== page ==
Changes to Washington Wine Ambassador Program

by Shona Milne on December 24, 2008

I just received my Christmas Newsletter from Kathy Timmons of Washington Wine Ambassadors. There will be some changes to the Washington Wine Ambassadors programs that will affect Washington wineries.

The state law prohibits a for-profit business from using “volunteers”. According to the law, helpers (for lack of a better word) must receive an equivalent of minimum wage for their work and the business must pay Labor and Industry (L&I) tax on helpers. At most wineries, ―volunteers‖ are provided food and beverages, plus wine for helping. This usually adds up to a value much higher than minimum wage. In addition, the wineries keep track of the ―volunteer‖ hours and pay the appropriate L&I tax. At some wineries ―volunteers‖ are actually hired on as casual labors for the day and receive a cash payment for their assistance. Unfortunately, some wineries have not heard of this law and are thus not aware that they need to pay L&I tax on helpers.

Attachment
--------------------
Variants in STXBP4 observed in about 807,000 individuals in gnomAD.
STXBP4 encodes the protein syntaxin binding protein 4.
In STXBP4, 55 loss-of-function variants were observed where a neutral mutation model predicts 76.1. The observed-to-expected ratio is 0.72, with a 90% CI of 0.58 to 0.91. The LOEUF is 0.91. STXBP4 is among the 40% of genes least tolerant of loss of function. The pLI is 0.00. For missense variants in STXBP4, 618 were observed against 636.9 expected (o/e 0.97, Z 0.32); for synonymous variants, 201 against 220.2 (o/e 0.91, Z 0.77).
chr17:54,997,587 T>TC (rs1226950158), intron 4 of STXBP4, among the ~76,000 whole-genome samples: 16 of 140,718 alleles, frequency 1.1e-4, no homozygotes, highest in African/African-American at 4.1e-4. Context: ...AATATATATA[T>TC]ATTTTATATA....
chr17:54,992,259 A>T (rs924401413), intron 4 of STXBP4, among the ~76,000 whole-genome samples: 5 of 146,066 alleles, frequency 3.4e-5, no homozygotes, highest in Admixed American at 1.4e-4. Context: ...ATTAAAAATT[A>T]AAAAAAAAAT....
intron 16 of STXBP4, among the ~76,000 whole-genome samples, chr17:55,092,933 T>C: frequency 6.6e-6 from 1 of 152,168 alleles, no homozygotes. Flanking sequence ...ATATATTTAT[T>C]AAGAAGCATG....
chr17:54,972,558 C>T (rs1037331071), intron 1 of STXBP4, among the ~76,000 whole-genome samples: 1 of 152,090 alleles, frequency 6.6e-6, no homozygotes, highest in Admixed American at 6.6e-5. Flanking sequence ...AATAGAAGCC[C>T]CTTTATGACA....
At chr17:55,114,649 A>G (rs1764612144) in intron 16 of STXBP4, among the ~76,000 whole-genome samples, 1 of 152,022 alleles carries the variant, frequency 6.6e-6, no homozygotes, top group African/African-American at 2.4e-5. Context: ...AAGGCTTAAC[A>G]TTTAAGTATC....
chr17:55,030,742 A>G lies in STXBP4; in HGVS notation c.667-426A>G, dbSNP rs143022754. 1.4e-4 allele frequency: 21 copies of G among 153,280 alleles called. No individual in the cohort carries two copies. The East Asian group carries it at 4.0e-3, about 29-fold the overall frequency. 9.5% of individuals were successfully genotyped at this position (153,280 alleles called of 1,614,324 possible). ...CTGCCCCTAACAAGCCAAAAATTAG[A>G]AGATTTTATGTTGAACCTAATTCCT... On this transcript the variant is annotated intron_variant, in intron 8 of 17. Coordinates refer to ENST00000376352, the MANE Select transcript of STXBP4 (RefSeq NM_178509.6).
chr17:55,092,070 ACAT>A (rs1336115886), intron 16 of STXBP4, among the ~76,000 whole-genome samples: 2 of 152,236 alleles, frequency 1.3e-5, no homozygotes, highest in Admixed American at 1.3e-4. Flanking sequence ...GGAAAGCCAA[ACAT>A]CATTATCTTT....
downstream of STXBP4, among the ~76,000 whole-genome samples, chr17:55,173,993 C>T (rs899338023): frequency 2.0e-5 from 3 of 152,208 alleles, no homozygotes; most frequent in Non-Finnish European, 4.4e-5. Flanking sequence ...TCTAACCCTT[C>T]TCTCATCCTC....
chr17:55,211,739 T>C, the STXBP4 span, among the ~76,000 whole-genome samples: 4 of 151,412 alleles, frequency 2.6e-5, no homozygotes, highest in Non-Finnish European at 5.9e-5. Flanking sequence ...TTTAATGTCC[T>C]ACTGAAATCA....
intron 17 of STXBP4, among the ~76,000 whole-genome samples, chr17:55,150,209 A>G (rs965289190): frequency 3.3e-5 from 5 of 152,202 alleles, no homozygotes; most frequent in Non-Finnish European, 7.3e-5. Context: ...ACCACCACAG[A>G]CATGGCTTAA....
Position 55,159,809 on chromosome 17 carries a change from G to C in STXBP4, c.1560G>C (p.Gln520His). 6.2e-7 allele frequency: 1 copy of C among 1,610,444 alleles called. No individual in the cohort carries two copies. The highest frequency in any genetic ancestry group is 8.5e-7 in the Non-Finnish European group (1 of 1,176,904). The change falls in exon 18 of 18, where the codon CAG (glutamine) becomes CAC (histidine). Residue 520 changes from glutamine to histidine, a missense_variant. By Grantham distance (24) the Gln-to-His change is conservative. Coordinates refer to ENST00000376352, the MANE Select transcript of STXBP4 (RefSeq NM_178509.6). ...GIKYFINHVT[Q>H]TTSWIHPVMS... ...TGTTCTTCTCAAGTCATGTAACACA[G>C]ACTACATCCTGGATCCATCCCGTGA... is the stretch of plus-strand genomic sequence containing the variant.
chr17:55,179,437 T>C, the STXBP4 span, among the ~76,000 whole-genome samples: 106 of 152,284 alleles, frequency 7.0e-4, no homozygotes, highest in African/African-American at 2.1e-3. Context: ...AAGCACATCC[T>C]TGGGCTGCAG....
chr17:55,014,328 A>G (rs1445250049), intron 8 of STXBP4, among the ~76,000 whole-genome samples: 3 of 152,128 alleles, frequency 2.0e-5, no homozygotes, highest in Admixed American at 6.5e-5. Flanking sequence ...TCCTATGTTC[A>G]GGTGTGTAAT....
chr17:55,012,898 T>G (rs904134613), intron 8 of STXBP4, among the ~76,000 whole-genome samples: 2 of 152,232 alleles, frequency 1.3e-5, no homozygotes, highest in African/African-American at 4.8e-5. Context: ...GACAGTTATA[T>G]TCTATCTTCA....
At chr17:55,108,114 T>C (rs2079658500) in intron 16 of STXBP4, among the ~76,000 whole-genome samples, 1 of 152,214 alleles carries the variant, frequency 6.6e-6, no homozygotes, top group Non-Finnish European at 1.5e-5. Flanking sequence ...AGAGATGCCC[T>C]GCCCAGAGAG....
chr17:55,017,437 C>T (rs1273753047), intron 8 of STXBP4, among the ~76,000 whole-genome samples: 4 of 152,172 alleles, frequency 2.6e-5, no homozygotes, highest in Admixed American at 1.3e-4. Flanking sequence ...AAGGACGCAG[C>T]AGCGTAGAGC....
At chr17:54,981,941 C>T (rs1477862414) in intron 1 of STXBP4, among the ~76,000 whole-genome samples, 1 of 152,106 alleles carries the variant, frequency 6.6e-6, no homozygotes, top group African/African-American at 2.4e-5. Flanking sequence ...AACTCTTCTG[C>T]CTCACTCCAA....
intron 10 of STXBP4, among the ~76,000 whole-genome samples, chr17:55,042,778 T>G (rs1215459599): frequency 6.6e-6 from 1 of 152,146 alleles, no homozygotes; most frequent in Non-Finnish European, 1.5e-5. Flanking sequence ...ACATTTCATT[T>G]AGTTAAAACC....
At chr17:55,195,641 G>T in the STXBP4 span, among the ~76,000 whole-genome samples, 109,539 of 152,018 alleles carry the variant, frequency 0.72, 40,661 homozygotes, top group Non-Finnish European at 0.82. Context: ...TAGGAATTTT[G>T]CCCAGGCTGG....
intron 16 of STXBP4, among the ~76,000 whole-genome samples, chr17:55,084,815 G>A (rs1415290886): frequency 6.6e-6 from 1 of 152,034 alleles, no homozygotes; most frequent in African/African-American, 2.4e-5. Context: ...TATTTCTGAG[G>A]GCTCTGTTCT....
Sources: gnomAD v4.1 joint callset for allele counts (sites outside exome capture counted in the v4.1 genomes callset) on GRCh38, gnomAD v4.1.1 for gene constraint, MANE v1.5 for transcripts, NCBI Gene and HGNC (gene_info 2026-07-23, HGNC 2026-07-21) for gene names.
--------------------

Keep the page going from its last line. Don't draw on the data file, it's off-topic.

Along this same line is the issue of liability. The Washington Wine Commission’s lawyer is concerned about injury liability for Ambassadors when helping perform a job not under direct Commission supervision. While there has not been an incident since we began in 2003, it is possible, especially when working around crush or bottling equipment. The concern is that if an Ambassador gets hurt, it will be the Commission that gets sued.
As a result of these two issues, the Washington Wine Commission has suspended our assistance to any for-profit business. They are currently only allowing us to help non-profit/charity organizations along with Wine Commission events.

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